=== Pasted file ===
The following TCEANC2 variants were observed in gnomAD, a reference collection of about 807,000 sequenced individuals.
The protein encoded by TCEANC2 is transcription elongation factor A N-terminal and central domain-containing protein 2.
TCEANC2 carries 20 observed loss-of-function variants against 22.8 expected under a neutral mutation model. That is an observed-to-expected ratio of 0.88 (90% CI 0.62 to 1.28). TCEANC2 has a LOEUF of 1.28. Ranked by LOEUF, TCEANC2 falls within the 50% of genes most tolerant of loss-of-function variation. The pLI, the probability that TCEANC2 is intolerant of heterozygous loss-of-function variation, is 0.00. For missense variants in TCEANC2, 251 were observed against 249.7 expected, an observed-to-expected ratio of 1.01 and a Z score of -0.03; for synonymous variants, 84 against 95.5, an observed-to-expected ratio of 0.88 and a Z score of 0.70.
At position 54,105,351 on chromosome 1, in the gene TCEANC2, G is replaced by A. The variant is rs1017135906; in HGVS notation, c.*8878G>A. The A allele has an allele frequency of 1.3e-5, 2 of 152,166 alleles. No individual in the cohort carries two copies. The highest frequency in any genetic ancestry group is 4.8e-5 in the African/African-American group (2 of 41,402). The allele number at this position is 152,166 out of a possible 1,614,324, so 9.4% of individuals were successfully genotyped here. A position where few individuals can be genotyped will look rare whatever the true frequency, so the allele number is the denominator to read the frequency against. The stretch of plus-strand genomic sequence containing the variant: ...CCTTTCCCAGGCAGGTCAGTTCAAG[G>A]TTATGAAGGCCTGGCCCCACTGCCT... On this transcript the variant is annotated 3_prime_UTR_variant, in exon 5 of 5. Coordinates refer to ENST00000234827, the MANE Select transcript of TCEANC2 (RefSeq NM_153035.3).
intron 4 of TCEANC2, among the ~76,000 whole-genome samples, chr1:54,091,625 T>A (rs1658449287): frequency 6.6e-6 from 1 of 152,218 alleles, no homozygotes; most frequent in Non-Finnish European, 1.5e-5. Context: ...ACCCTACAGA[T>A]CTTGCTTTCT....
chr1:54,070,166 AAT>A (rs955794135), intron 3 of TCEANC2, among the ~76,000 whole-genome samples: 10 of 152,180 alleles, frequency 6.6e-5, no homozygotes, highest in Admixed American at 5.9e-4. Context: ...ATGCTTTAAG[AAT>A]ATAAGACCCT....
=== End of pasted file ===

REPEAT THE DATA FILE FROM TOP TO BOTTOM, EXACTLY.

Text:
The following TCEANC2 variants were observed in gnomAD, a reference collection of about 807,000 sequenced individuals.
The protein encoded by TCEANC2 is transcription elongation factor A N-terminal and central domain-containing protein 2.
TCEANC2 carries 20 observed loss-of-function variants against 22.8 expected under a neutral mutation model. That is an observed-to-expected ratio of 0.88 (90% CI 0.62 to 1.28). TCEANC2 has a LOEUF of 1.28. Ranked by LOEUF, TCEANC2 falls within the 50% of genes most tolerant of loss-of-function variation. The pLI, the probability that TCEANC2 is intolerant of heterozygous loss-of-function variation, is 0.00. For missense variants in TCEANC2, 251 were observed against 249.7 expected, an observed-to-expected ratio of 1.01 and a Z score of -0.03; for synonymous variants, 84 against 95.5, an observed-to-expected ratio of 0.88 and a Z score of 0.70.
At position 54,105,351 on chromosome 1, in the gene TCEANC2, G is replaced by A. The variant is rs1017135906; in HGVS notation, c.*8878G>A. The A allele has an allele frequency of 1.3e-5, 2 of 152,166 alleles. No individual in the cohort carries two copies. The highest frequency in any genetic ancestry group is 4.8e-5 in the African/African-American group (2 of 41,402). The allele number at this position is 152,166 out of a possible 1,614,324, so 9.4% of individuals were successfully genotyped here. A position where few individuals can be genotyped will look rare whatever the true frequency, so the allele number is the denominator to read the frequency against. The stretch of plus-strand genomic sequence containing the variant: ...CCTTTCCCAGGCAGGTCAGTTCAAG[G>A]TTATGAAGGCCTGGCCCCACTGCCT... On this transcript the variant is annotated 3_prime_UTR_variant, in exon 5 of 5. Coordinates refer to ENST00000234827, the MANE Select transcript of TCEANC2 (RefSeq NM_153035.3).
intron 4 of TCEANC2, among the ~76,000 whole-genome samples, chr1:54,091,625 T>A (rs1658449287): frequency 6.6e-6 from 1 of 152,218 alleles, no homozygotes; most frequent in Non-Finnish European, 1.5e-5. Context: ...ACCCTACAGA[T>A]CTTGCTTTCT....
chr1:54,070,166 AAT>A (rs955794135), intron 3 of TCEANC2, among the ~76,000 whole-genome samples: 10 of 152,180 alleles, frequency 6.6e-5, no homozygotes, highest in Admixed American at 5.9e-4. Context: ...ATGCTTTAAG[AAT>A]ATAAGACCCT....